Exotis ISSN 2398-2985


Lizard behavior problems

Contributor(s): Vetstream Ltd, Molly Varga

Wiley Blackwell logo


  • Most undesirable or problem behaviors exhibited by lizards result directly from inappropriate husbandry, so clinical management is closely linked to providing appropriate nutrition and environmental conditions.
  • In all cases where there is a sudden change in behavior of an animal, underlying medical conditions must be ruled out, pain in particular.
  • The first steps in solving behavior problems in lizards include learning about the natural history of the species and how to apply that information to the captive environment.
  • Environmental stressors that may lead to undesirable behaviors include excessive or rough handling, inappropriate cage construction, inappropriate cage location (lack of visual security), inadequate shelter, improper thermal range, inappropriate heat sources, improper substrate, inappropriate cage accessories, improper light spectrum, improper diurnal and seasonal cycles, inappropriate prey or feed, multiple individuals in a single enclosure and overcrowding.
  • When the reptile’s enclosure is too large to bring into the examination room, it is essential to gather a thorough history and to view photos of the reptile’s environment. A form can be used to include all the pertinent questions about all of the various husbandry parameters Lizard husbandry.
  • It is useful, for example, to know at what locations the lizard spends its time relative to heat, light, humidity, and shelter.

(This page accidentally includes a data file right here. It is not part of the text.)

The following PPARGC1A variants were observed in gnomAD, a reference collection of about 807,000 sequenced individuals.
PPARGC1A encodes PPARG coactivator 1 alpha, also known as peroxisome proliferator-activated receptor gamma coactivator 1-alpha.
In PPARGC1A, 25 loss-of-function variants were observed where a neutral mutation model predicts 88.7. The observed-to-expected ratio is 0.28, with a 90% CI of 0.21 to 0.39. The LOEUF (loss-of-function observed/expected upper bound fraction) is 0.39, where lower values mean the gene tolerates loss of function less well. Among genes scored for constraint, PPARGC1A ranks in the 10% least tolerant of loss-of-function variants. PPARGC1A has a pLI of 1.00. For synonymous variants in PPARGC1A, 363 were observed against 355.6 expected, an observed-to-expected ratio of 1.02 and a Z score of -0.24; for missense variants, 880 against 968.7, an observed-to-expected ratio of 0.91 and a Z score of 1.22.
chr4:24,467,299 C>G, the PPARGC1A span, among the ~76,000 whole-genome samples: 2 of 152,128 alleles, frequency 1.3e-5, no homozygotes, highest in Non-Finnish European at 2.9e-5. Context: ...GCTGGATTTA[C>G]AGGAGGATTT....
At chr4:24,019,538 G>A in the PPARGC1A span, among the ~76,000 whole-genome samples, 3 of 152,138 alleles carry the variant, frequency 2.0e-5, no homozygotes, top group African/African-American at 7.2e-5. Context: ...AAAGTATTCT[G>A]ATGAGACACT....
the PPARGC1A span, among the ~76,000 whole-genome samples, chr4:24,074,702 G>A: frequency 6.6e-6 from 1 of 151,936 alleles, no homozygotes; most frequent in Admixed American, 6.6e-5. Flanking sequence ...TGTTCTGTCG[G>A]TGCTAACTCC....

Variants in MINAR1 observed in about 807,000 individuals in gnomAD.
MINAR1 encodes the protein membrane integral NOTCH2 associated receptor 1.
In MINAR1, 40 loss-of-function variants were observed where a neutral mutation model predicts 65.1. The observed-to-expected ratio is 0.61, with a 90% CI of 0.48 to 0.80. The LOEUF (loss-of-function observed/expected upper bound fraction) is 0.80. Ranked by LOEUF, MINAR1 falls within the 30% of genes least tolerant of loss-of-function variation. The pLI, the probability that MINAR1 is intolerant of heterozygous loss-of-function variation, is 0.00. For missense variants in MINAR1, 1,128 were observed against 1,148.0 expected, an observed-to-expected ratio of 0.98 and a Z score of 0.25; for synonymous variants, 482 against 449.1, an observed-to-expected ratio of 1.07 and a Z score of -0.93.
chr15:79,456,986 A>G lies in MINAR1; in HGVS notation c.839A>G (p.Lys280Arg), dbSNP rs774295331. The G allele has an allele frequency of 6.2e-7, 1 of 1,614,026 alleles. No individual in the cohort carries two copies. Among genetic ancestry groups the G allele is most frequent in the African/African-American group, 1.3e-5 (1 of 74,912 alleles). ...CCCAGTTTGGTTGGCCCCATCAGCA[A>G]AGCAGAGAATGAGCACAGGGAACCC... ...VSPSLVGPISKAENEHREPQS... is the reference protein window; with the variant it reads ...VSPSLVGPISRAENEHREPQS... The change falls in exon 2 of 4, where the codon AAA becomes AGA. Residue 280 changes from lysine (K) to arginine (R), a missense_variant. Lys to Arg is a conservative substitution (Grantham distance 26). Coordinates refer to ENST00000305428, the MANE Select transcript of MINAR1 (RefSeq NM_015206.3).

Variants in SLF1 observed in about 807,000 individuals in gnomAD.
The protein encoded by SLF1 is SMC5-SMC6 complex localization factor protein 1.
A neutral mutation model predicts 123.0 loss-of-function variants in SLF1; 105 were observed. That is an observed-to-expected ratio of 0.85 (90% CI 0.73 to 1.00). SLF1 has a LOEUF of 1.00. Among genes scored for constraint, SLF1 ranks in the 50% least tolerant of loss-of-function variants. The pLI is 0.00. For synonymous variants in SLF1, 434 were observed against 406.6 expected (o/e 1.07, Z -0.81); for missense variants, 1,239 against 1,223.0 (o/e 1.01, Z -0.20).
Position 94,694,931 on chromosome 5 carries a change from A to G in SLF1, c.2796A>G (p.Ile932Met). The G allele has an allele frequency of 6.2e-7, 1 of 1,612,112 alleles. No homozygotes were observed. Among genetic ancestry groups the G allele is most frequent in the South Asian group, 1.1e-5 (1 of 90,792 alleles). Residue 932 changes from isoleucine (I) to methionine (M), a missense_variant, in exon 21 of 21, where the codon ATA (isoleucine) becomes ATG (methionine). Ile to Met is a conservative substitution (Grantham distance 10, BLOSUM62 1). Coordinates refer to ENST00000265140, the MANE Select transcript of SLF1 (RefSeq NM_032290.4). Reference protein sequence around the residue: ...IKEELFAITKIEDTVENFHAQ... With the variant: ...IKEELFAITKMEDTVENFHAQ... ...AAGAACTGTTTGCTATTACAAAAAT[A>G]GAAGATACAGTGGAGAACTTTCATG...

• Clients may then be counseled about the best cage setup including ranges and cycles of temperature, lighting and moisture.
  • Normal lizards will take advantage of a complex array of appropriately configured microenvironments throughout the day, so a captive environment must be redesigned if a lizard spends nearly all of its time in just one or two locations within the enclosure.


This article is available in full to registered subscribers

Sign up now to purchase a 30 day trial, or Login

Abnormal repetitive behavior

This article is available in full to registered subscribers

Sign up now to purchase a 30 day trial, or Login

Further Reading


Refereed papers

Other sources of information

  • Gibbons P M & Mohan-Gibbons H (2010) Lizards. In: Behavior of Exotic Pets. Ed: Tynes V V. Wiley-Blackwell. pp 44-56.
  • Animal Training. Disney’s Animals, Science and Environment Animal Training Program. Website: www.animaltraining.org.

Reproduced with permission from Valerie V Tynes: Behavior of Exotic Pets © 2010, published by John Wiley & Sons.